More specifically, the pressure in the chamber 62 is raised and the rate of change in pressure is made large, resulting in the high differential pressure. Accordingly, the channel resistance of the opening 61 is higher than that of the opening 63, so that most fluids within the chamber 62 are discharged from the opening 63 (discharge process). The pressure in the chamber 62 is lowered and the rate of change in pressure is made small, which keeps the differential pressure low. Accordingly, the channel resistance of the opening 61 is lower than that of the opening 63, so that more liquids flow from the opening 61 into the chamber 62 (suction process).

To the contrary, the pressure in the chamber 62 is raised and the rate of change in pressure is made small, which keeps the differential pressure low. Accordingly, the channel resistance of the opening 61 is lower than that of the opening 63, so that more fluids in the chamber 62 are discharged from the opening 61 (discharge process). The pressure in the chamber 62 is lowered and the rate of change in pressure is made large, resulting in the high differential pressure. Accordingly, the channel resistance of the opening 61 is higher than that of the opening 63, so that more fluids flow from the opening 63 into the chamber 62 (suction process).

The drive voltage supplied to the piezoelectric element 34 is controlled and the amount and timing of deformation of the diaphragm are controlled, which realizes pressure control of the chamber 62 mentioned above. For example, a drive voltage having a waveform shown in FIG. 6A is applied to the piezoelectric element 34, leading to discharge to the channel 17 side. A drive voltage having a waveform shown in FIG. 7A is applied to the piezoelectric element 34, leading to discharge to the channel 14 side.

Referring to FIGS. 6A and 6B as well as FIGS. 7A and 7B, a maximum voltage e1 to be applied to the piezoelectric element 34 ranges approximately from several volts to several tens of volts and is about 100 volts at the maximum. Time T1 and T7 are on the order of 20 μs, time T2 and T6 are from approximately 0 to several microseconds and time T3 and T5 are about 60 μs. Time T4 and T8 may be zero. Frequency of the drive voltage is approximately 11 KHz. With drive voltages shown in FIGS. 6A and 7A, the channel 17 provides flow rates, for example, illustrated in FIGS. 6B and 7B. Flow rate curves in FIGS. 6B and 7B schematically show flow rates obtained by a pumping action. In practice, inertial oscillation of a fluid is added to the flow rate curves. Accordingly, curves in which oscillation components are added to the flow rate curves shown in FIGS. 6B and 7B show actual flow rates obtained by an actual pumping action.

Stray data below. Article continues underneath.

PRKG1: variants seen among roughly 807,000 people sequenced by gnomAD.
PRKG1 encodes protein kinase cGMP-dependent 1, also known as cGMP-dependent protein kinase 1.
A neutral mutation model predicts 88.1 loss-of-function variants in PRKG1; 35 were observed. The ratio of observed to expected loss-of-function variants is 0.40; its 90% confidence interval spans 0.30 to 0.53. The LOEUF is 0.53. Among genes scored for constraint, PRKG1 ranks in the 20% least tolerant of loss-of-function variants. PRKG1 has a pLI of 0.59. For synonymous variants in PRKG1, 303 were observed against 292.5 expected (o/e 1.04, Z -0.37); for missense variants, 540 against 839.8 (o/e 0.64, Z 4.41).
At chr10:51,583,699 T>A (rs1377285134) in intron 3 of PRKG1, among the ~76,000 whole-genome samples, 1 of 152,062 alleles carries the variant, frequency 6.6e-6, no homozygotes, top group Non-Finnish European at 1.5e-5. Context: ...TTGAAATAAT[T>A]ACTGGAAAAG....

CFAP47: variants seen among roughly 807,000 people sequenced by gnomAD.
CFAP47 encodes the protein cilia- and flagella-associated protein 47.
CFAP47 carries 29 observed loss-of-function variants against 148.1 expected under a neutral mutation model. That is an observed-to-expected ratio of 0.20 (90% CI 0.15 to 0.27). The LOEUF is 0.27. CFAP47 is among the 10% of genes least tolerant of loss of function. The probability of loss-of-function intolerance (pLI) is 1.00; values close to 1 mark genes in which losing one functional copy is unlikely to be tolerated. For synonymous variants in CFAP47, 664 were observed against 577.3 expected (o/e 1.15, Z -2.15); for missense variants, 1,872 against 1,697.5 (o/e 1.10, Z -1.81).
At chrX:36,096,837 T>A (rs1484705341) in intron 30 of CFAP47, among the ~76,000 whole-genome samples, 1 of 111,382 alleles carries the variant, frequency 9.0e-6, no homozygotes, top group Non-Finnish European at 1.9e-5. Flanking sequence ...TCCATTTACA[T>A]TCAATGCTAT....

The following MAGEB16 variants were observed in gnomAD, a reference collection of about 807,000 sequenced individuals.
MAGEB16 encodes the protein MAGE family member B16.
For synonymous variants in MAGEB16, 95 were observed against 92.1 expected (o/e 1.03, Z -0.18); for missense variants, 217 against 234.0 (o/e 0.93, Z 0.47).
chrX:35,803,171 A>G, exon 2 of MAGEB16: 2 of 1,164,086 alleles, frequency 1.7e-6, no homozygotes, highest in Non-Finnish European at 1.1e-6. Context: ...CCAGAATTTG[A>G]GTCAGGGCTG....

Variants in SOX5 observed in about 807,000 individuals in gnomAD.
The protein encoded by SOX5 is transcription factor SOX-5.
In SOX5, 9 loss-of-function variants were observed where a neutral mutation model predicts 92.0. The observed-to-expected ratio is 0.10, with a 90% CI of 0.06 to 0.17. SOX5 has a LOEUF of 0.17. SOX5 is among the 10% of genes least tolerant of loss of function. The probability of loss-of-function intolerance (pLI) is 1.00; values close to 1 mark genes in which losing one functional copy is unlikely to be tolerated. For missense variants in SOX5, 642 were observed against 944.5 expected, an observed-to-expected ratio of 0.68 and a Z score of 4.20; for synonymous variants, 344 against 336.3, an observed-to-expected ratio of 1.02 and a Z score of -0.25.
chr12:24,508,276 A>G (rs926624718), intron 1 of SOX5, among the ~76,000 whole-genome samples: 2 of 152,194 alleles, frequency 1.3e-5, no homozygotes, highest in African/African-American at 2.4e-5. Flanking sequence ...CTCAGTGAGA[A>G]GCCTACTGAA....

Each of the openings 61 and 63 in the first embodiment is structured by a single opening. Instead, a group of openings can be used in which plural openings are arranged in parallel. The use of the group enables pressure dependence to be further lowered. Accordingly, when the group of openings is substituted for the opening, especially for the opening 63, the flow rate is increased and the flow rate efficiency is improved.

Next, descriptions are provided as to how liquids interflow and mix in the microfluidic system 1 and of a driving method of the piezoelectric element 34 at the time of the interflow and the mix.

FIG. 8 shows an example of waveforms of a drive voltage in the first embodiment, FIG. 9 shows another example of waveforms of a drive voltage, FIG. 10 shows how liquids flow by application of the drive voltage shown in FIG. 8, FIG. 11 shows how liquids flow by application of another drive voltage, FIG. 12 shows another example of waveforms of a drive voltage, FIG. 13 shows how liquids flow by application of the drive voltage shown in FIG. 12, FIG. 14 shows how liquids flow in a conventional mixing method and FIG. 15 is a block diagram showing an example of a structure of the drive circuit 36.

In the first embodiment, the liquid LA is supplied to the middle port 11, while a liquid LB is supplied to each of the two ports 12 and 13 provided on the both sides of the middle port 11, i.e., the same liquid LB is supplied to the ports 12 and 13. The middle micropump MP1 is operable to deliver the liquid LA that is fed to the narrow channel 20. The two micropumps MP2 and MP3 provided on the both sides of the micropump MP1 are operable to deliver the liquid LB that is fed to the narrow channels 21 and 22 respectively. These two kinds of liquids LA and LB interflow at the confluence GT. At the time of delivery of the liquids, the two kinds of liquids LA and LB are intermittently fed to the confluence GT one after the other, instead of being fed thereto continuously.

More specifically, as shown in FIGS. 8 and 9, while the middle micropump MP1 is driven to deliver the liquid LA, none of the other micropumps MP2 and MP3 is driven. While the micropumps MP2 and MP3 are driven to deliver the liquid LB, no middle micropump MP1 is driven. As a result, the two kinds of liquids LA and LB are alternately fed to the confluence GT in an intermittent manner.